We might have had T7 under a bit of stress in the transition as we jumped in our kayaks not long after them. It was a pleasant paddle in very nice flat water, and what was shaping up to be an awesome day in a very cool place. For some reason T7 had a complete mare at the control, we punched first and got ahead of them again.

Transition we were a little slow, and T7 leapfrogged us yet again. The pace was hot on the bike to begin with, too hot for Viv’s pursuit team, well all except one who rode of the front of our bunch with an excitable Stru for a moment. After knocking off the sealed section we consolodated our position and just rode at a comfortable pace for a while. This seemed to work for us and before long we were back neck and neck with our old mates T7. We were pestering them and I think they might have been getting sick of it. All along the lake it was like that, backwards forwards, backwards forwards, then again up the road to Afton saddle. Here we were unaware of what was going on in front of us but, Swordfox apparently looked down and saw us and T7, getting a little bit of a fright! We had a break at the saddle, T7 were well down the road when we got there. Finally getting away from us I guess.

After food in we decided and talked about going fast but sensibly on down the hill. So that what we started out doing… then Isla caught her front wheel on a rock that it just didnt roll over, the back wheel flicked up and she went over the handlebars, the bike still attached landing upside down and partially on top of her. Mitch and I were first on the scene, Isla doesn’t make much noise, pretty much never complains but was clearly immediately unhappy. Mitch and I freed her from her bike, realised quickly that we needed the team medic Stru, as there was a big cut in her arm, through which there was a bit of blood and some white stuff? maybe bone?

Isla was most concerned about her bike while Stru set about patching her up, Mitch and I were thinking that this was potentially race ending and now a battle of survival. Testament to her toughness Isla got up and got going again, a little slower and a little hesitant with some guidance. The race went out of us guys for a while I think, but Isla was storming on. I’m not sure when her adrenaline kicked in but we were up an racing, and racing hard not so long after! It was clear she was using some of the pain and frustration to drive her, as she just started smashing it up the hills towards the transition.  Not a lot was said about what was going to happen once we got to transition, so I figured we had to make it clear so that when we got there we were not going to sit down and have a picnic. Before I asked the question I expected the answer but not quite the delivery as I was definitely told in no uncertain terms that she was good to keep racing! Sweet, game on them one tough team mate!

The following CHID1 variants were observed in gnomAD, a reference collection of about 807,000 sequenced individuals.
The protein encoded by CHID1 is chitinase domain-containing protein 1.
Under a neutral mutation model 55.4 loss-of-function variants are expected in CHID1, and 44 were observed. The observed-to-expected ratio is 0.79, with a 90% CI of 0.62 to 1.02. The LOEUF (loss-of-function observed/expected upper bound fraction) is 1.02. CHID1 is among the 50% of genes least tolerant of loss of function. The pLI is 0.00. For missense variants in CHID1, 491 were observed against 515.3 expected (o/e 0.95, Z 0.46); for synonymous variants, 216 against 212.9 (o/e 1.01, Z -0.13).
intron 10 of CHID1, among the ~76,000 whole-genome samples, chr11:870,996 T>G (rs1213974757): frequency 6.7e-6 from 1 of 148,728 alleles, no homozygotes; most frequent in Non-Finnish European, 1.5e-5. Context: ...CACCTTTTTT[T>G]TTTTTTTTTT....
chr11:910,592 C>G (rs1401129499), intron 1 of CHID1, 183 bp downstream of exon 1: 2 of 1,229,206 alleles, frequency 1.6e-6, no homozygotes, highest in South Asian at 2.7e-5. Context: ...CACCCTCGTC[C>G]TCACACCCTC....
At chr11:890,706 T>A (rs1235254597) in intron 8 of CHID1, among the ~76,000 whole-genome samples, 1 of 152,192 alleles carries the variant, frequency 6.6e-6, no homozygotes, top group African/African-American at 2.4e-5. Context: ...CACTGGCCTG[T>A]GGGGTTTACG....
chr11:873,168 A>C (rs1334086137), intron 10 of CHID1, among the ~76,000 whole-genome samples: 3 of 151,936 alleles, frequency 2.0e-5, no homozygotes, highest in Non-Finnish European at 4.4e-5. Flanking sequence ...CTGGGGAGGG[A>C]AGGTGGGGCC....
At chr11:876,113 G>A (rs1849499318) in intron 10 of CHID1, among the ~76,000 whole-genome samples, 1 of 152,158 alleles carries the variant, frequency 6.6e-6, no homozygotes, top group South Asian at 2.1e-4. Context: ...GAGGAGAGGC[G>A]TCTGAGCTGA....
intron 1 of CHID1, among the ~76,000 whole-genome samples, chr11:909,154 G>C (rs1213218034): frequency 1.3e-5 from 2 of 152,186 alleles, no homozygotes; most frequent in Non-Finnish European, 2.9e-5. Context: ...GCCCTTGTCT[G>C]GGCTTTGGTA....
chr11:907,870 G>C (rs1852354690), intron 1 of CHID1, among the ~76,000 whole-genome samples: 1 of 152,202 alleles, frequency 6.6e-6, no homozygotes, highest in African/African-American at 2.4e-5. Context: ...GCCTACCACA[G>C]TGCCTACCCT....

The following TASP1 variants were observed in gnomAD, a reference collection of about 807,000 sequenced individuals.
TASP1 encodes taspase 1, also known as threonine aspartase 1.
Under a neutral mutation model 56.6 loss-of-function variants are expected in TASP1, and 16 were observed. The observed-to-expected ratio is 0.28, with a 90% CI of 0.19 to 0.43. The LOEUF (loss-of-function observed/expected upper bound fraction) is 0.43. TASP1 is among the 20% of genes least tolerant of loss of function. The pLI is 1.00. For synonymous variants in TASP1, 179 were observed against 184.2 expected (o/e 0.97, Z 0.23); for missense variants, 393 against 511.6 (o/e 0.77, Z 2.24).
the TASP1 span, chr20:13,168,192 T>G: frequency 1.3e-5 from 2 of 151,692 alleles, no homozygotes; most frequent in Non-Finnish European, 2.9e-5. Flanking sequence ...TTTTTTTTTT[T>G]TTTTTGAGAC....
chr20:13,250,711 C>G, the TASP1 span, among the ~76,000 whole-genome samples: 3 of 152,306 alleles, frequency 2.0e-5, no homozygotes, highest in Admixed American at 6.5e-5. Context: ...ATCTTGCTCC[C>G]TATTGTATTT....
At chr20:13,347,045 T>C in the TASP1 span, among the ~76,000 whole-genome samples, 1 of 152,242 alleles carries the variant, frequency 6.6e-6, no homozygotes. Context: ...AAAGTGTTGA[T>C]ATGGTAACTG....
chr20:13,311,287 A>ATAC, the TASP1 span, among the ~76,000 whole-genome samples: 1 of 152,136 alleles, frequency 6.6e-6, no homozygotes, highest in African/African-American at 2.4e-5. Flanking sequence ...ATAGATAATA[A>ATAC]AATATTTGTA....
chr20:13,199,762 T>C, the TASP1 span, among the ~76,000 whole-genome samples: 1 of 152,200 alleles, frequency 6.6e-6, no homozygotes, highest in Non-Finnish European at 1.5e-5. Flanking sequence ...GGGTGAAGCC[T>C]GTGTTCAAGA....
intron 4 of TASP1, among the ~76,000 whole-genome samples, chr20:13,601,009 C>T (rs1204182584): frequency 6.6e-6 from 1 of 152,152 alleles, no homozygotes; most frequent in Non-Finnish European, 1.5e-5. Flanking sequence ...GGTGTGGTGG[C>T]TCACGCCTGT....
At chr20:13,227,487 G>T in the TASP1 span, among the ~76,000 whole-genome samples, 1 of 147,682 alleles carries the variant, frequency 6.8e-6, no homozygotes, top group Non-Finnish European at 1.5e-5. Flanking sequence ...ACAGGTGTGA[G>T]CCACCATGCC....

At Transition there was a medic waiting for Isla, he was pretty impressed by the seriousness of the cut, the best one of the race so far! We transitioned almost with a new lease on life, we could see the finishline again and still right up there as the wet tyre tracks we had been seeing were those of Torpedo 7. Indecently still in transition when we arrived.

Out of transition it was good to be moving again, I was feeling better as the route had now been suggested to us through the bluffs as the organisers had a change of plans. Im not sure what Greig and our old mates T7 were up to but again we were back in a tit for tat battle up the track. They gave in for a bit and followed us as we picked our way across the scree. Mitch and I scouted some tracks through the traverse that got us a good way through but eventually we reached an impass of sorts and we took the option to sleep, Stru was pretty much dead on his feet. We found a nice flat spot, pulled the sleeping bags out and got a couple of hours of quick sleep. It was hard getting up again, into the third night it gets harder and harder to get up from sleep, but we were moving again and rejuvenated. From Wards creek we climbed and then began our massive siddle. In the dark I felt like we were going further than we actually were and encounted some pretty difficult terrain. About 30mins before daylight my confidence was low on where we needed to go up. I had been struggling on the bike a bit to concentrate and now this was beginning to exacerbate things.